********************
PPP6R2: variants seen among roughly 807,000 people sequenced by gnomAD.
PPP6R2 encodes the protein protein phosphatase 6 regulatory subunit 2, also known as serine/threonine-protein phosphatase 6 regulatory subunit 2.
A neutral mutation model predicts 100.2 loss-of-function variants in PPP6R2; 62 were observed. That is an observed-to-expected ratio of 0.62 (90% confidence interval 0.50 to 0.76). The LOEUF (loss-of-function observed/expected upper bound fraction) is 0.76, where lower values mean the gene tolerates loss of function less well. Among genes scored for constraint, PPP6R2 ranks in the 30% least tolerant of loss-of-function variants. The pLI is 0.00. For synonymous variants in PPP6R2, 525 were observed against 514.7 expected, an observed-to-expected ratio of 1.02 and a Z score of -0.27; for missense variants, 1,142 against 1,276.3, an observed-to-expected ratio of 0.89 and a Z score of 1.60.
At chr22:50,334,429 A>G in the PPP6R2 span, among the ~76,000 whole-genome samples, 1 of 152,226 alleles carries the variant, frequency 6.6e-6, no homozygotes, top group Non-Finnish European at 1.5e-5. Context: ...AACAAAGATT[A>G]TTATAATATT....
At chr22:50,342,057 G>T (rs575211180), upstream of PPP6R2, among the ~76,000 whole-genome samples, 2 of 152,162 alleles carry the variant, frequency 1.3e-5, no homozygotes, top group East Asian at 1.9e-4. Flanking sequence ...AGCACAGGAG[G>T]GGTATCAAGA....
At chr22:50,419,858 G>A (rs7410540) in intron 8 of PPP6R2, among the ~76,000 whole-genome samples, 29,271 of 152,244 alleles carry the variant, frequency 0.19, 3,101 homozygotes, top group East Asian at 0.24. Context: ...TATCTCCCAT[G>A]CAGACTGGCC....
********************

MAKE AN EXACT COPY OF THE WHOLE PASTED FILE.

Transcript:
PPP6R2: variants seen among roughly 807,000 people sequenced by gnomAD.
PPP6R2 encodes the protein protein phosphatase 6 regulatory subunit 2, also known as serine/threonine-protein phosphatase 6 regulatory subunit 2.
A neutral mutation model predicts 100.2 loss-of-function variants in PPP6R2; 62 were observed. That is an observed-to-expected ratio of 0.62 (90% confidence interval 0.50 to 0.76). The LOEUF (loss-of-function observed/expected upper bound fraction) is 0.76, where lower values mean the gene tolerates loss of function less well. Among genes scored for constraint, PPP6R2 ranks in the 30% least tolerant of loss-of-function variants. The pLI is 0.00. For synonymous variants in PPP6R2, 525 were observed against 514.7 expected, an observed-to-expected ratio of 1.02 and a Z score of -0.27; for missense variants, 1,142 against 1,276.3, an observed-to-expected ratio of 0.89 and a Z score of 1.60.
At chr22:50,334,429 A>G in the PPP6R2 span, among the ~76,000 whole-genome samples, 1 of 152,226 alleles carries the variant, frequency 6.6e-6, no homozygotes, top group Non-Finnish European at 1.5e-5. Context: ...AACAAAGATT[A>G]TTATAATATT....
At chr22:50,342,057 G>T (rs575211180), upstream of PPP6R2, among the ~76,000 whole-genome samples, 2 of 152,162 alleles carry the variant, frequency 1.3e-5, no homozygotes, top group East Asian at 1.9e-4. Flanking sequence ...AGCACAGGAG[G>T]GGTATCAAGA....
At chr22:50,419,858 G>A (rs7410540) in intron 8 of PPP6R2, among the ~76,000 whole-genome samples, 29,271 of 152,244 alleles carry the variant, frequency 0.19, 3,101 homozygotes, top group East Asian at 0.24. Context: ...TATCTCCCAT[G>A]CAGACTGGCC....